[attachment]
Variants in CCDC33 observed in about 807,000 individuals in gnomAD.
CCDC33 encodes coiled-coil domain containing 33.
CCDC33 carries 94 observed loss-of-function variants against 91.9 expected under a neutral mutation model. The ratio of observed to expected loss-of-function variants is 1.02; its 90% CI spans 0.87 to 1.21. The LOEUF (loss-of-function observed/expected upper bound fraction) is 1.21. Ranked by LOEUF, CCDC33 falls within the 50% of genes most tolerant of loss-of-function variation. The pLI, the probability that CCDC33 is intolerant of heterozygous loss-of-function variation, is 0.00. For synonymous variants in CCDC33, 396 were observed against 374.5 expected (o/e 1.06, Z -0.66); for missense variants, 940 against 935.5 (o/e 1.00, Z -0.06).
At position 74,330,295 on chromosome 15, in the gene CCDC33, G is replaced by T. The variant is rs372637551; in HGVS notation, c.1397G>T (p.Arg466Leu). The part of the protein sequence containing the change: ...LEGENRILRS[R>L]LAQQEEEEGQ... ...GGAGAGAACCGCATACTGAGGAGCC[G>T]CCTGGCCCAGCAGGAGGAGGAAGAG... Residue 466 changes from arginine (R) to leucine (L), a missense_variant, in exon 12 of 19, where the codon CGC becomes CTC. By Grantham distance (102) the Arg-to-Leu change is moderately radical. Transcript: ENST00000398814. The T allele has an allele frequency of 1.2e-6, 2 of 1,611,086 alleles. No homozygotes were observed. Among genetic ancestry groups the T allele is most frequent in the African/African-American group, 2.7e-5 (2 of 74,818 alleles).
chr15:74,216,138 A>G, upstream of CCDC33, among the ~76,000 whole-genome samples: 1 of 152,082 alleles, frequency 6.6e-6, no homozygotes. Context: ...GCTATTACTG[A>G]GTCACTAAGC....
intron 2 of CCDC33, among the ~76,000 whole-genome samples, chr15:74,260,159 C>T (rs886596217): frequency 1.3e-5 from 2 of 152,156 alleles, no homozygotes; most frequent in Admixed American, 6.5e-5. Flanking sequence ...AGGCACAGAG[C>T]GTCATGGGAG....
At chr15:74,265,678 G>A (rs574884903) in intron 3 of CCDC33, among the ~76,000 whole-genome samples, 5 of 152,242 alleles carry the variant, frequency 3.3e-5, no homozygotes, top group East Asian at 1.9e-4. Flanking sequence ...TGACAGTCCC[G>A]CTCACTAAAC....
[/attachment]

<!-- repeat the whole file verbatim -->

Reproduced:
Variants in CCDC33 observed in about 807,000 individuals in gnomAD.
CCDC33 encodes coiled-coil domain containing 33.
CCDC33 carries 94 observed loss-of-function variants against 91.9 expected under a neutral mutation model. The ratio of observed to expected loss-of-function variants is 1.02; its 90% CI spans 0.87 to 1.21. The LOEUF (loss-of-function observed/expected upper bound fraction) is 1.21. Ranked by LOEUF, CCDC33 falls within the 50% of genes most tolerant of loss-of-function variation. The pLI, the probability that CCDC33 is intolerant of heterozygous loss-of-function variation, is 0.00. For synonymous variants in CCDC33, 396 were observed against 374.5 expected (o/e 1.06, Z -0.66); for missense variants, 940 against 935.5 (o/e 1.00, Z -0.06).
At position 74,330,295 on chromosome 15, in the gene CCDC33, G is replaced by T. The variant is rs372637551; in HGVS notation, c.1397G>T (p.Arg466Leu). The part of the protein sequence containing the change: ...LEGENRILRS[R>L]LAQQEEEEGQ... ...GGAGAGAACCGCATACTGAGGAGCC[G>T]CCTGGCCCAGCAGGAGGAGGAAGAG... Residue 466 changes from arginine (R) to leucine (L), a missense_variant, in exon 12 of 19, where the codon CGC becomes CTC. By Grantham distance (102) the Arg-to-Leu change is moderately radical. Transcript: ENST00000398814. The T allele has an allele frequency of 1.2e-6, 2 of 1,611,086 alleles. No homozygotes were observed. Among genetic ancestry groups the T allele is most frequent in the African/African-American group, 2.7e-5 (2 of 74,818 alleles).
chr15:74,216,138 A>G, upstream of CCDC33, among the ~76,000 whole-genome samples: 1 of 152,082 alleles, frequency 6.6e-6, no homozygotes. Context: ...GCTATTACTG[A>G]GTCACTAAGC....
intron 2 of CCDC33, among the ~76,000 whole-genome samples, chr15:74,260,159 C>T (rs886596217): frequency 1.3e-5 from 2 of 152,156 alleles, no homozygotes; most frequent in Admixed American, 6.5e-5. Flanking sequence ...AGGCACAGAG[C>T]GTCATGGGAG....
At chr15:74,265,678 G>A (rs574884903) in intron 3 of CCDC33, among the ~76,000 whole-genome samples, 5 of 152,242 alleles carry the variant, frequency 3.3e-5, no homozygotes, top group East Asian at 1.9e-4. Flanking sequence ...TGACAGTCCC[G>A]CTCACTAAAC....